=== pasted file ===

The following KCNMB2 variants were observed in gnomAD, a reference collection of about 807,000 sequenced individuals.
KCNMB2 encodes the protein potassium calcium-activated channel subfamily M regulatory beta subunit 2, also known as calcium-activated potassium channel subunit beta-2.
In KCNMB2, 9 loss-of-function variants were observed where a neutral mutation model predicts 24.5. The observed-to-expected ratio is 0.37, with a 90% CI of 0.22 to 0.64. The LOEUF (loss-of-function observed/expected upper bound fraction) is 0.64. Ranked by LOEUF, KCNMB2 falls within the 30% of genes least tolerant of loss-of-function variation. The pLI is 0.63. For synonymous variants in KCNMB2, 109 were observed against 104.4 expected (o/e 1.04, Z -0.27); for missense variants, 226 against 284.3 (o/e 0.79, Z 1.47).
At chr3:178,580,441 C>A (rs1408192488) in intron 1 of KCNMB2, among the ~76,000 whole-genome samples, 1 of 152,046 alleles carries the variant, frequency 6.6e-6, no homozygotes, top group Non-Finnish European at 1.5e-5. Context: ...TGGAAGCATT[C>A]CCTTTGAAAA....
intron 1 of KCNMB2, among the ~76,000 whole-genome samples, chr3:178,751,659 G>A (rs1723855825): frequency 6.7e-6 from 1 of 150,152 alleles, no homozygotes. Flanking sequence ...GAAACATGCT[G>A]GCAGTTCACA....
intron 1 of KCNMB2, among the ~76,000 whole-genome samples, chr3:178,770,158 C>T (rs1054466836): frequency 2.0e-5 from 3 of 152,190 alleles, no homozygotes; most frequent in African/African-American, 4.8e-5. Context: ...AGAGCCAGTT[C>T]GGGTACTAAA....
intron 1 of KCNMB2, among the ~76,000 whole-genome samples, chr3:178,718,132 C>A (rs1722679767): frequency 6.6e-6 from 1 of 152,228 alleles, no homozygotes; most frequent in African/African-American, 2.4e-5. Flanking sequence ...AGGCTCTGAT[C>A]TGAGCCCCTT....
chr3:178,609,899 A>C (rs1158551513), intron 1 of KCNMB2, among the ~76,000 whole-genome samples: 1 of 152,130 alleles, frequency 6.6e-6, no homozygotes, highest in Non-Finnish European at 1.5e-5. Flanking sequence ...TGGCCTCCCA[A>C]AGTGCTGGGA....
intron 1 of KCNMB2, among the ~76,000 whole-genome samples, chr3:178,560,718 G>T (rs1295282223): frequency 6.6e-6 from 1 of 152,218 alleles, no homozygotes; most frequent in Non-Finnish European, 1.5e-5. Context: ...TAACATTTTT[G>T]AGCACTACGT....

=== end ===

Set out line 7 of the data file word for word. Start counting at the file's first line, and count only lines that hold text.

intron 1 of KCNMB2, among the ~76,000 whole-genome samples, chr3:178,718,132 C>A (rs1722679767): frequency 6.6e-6 from 1 of 152,228 alleles, no homozygotes; most frequent in African/African-American, 2.4e-5. Flanking sequence ...AGGCTCTGAT[C>A]TGAGCCCCTT....